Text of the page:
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Williamsport in Washington County, Maryland — The American Northeast (Mid-Atlantic)
 

The Boys of Williamsport

 
 
The Boys of Williamsport Marker image. Click for full size.
By Bradley Owen, October 19, 2017
1. The Boys of Williamsport Marker
Inscription.  The town of Williamsport, like many of Maryland's small towns, furnished scores of its citizens for the war effort. The boys of Williamsport served with distinction in many of the states finest units like the 1st MD Cavalry, companies of the Maryland Infantry and the Potomac Home Brigade and participated in the war's largest battles and campaigns. Among the battlefields of Antietam, Gettysburg, Manassas and many others, the roughly 125 boys of Williamsport, clad in both blue and gray, proved their valor. Like other towns across Maryland and across the country, many of these boys paid the ultimate sacrifice for the cause they believed in.

Captain Charles Russell, the "Fighting Parson,” was the town's Presbyterian minister who formed the 1st Maryland Cavalry Company I "Russell's Cavalry" who fought in local battles along with other major engagements. After escaping from Harpers Ferry in September 1862, Russell's Cavalry was tasked with assisting in burning the canal bridge and boats in Williamsport after the battle of Antietam. Many men from his company were local laborers, boatmen, lockkeepers, businessmen, and farmers of Williamsport.

Williamsports
The Mounting Stone image. Click for full size.
By Bradley Owen, October 19, 2017
2. The Mounting Stone
Located along the curb directly across West Potomac Street from the marker. According to local tradition, on the afternoon of July 13, 1863, Gen. Robert E. Lee stopped outside the Taylor Hotel, dismounted and talked to some locals gathered there. Upon leaving, Lee used a large sandstone block along the sidewalk to mount Traveller. He then rode towards the pontoon bridge at Falling Waters to begin the Confederate retreat across the Potomac.
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Civil War Dead


According to Roger Keller's "Roster of the Civil War Soldiers of Washington County Maryland" second edition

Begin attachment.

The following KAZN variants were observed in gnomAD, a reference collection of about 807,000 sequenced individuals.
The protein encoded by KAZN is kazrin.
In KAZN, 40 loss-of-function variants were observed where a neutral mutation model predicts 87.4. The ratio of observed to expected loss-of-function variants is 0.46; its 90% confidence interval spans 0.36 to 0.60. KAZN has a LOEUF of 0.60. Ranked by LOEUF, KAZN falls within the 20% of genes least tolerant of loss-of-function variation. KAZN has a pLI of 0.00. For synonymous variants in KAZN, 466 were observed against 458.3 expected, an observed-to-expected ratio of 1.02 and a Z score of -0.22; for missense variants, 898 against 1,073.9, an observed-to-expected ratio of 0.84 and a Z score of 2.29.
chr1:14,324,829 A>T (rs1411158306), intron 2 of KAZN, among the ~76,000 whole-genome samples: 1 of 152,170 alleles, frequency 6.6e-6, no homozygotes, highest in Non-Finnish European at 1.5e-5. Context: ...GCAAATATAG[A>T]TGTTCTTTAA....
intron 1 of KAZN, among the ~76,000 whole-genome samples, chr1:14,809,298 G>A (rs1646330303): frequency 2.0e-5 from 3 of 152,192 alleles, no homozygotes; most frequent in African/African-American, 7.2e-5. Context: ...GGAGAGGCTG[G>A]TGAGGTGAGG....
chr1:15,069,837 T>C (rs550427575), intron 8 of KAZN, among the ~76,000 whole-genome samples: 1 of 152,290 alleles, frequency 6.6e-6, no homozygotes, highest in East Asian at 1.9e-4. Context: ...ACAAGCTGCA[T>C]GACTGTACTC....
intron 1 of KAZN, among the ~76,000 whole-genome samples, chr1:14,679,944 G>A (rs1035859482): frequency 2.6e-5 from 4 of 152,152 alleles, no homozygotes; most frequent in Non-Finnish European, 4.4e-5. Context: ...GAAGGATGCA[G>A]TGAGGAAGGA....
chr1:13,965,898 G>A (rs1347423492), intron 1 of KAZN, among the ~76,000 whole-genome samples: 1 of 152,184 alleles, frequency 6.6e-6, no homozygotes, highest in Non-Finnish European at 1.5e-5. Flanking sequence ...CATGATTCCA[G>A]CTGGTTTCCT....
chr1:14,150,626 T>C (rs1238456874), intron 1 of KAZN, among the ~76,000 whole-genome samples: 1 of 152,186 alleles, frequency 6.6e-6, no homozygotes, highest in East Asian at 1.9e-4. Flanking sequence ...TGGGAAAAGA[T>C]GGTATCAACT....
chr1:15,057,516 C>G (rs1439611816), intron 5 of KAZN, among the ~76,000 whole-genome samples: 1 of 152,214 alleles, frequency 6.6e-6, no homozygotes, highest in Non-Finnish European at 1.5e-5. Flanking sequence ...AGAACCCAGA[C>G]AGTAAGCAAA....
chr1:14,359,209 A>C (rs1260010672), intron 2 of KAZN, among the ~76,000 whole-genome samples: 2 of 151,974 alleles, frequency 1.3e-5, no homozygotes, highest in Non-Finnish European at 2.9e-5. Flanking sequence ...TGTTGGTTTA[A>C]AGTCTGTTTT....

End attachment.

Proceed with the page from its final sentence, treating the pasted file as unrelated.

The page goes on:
William B. Kennedy
Major Co. A 3rd MD Infantry killed in action at Cedar Mountain 8/9/62

William H. Irwin
1st Lt. Co. I 1st MD Cavalry died of disease 4/9/63

James Anthony
Private Co. I 1st MD Cavalry Killed in action at Brandy Station, VA 6/9/1863

William Atwood
Private Co. A 3rd MD Infantry died at City Point Hospital, VA 4/15/65

Daniel F. T. Castle
Private Co. I 1st MD Cavalry Killed in action at Brandy Station, VA 6/9/63

John E. Farrow
Private Co. I 1st MD Cavalry died 2/24/64

Samuel Fiegley
Private Co. M 1st MD Cavalry died 10/29/64

Daniel C. Hiteshew
Private Co. H. 1st MD Cavalry Mortally wounded at Maryland Heights 9/13/62

Samuel W. Long
Private Co. I 1st MD Cavalry killed in action at Deep Bottom, VA 8/16/64

Alfred Smith
Private Co. I 1st MD Cavalry killed in action at Deep Bottom, VA 8/16/64

James Stillwell
Private Co. I 1st MD Cavalry died 3/2/63

(captions)
Ruben L. Bowers enlisted with the Potomac Home brigade and was discharged with the 13th Maryland Infantry Company H. Photo courtesy of Sue Hoch

Drawing
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by Edwin Forbes depicts fighting at Brandy Station Virginia where Russell's Cavalry fought fiercely and many Williamsporters were killed and wounded. Courtesy of the Library of Congress

The boys of Williamsport served in several of Maryland's finest units including the Third Maryland Union Volunteer Infantry. Courtesy of the Library of Congress

Sergeant William G. Parker, a painter from Williamsport who fought with Russell's 1st MD Cavalry Co. I. He was wounded at Deep Bottom, VA Courtesy of the Williamsport Town Museum
 
Erected by The Baltimore Bookworks LLC, Maryland Heritage Area and Hagerstown and Washington County Maryland.
 
Topics. This historical marker is listed in this topic list: War, US Civil.
 
Location. 39° 36.024′ N, 77° 49.289′ W. Marker is in Williamsport, Maryland, in Washington County. Marker is at the intersection of West Potomac Street (U.S. 11) and North Conococheague Street (Maryland Route 63), on the right when traveling east on West Potomac Street. Touch for map. Marker is in this post office area: Williamsport MD 21795, United States of America. Touch for directions.
 
Other nearby markers. At least 8 other markers are within walking distance of this marker. Murder of Dewitt Clinton Rench (Rentch) (about 400 feet away, measured in a direct line); Confederate Hospitals in Williamsport (about 400 feet away); Joseph Lewis Lemen, Jr.
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(about 500 feet away); The Wagon Train of the Wounded and Williamsport (approx. 0.2 miles away); The John Brown Bell (approx. 0.2 miles away); Band Stand (approx. 0.2 miles away); Doubleday Hill (approx. 0.2 miles away); River View Cemetery (approx. 0.2 miles away). Touch for a list and map of all markers in Williamsport.
 
 
Credits. This page was last revised on April 11, 2021. It was originally submitted on April 10, 2021, by Bradley Owen of Morgantown, West Virginia. This page has been viewed 26 times since then. Photos:   1, 2. submitted on April 10, 2021, by Bradley Owen of Morgantown, West Virginia. • Bernard Fisher was the editor who published this page.
 
Editor’s want-list for this marker. Wide shot of marker and its surroundings. • Can you help?

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May. 14, 2021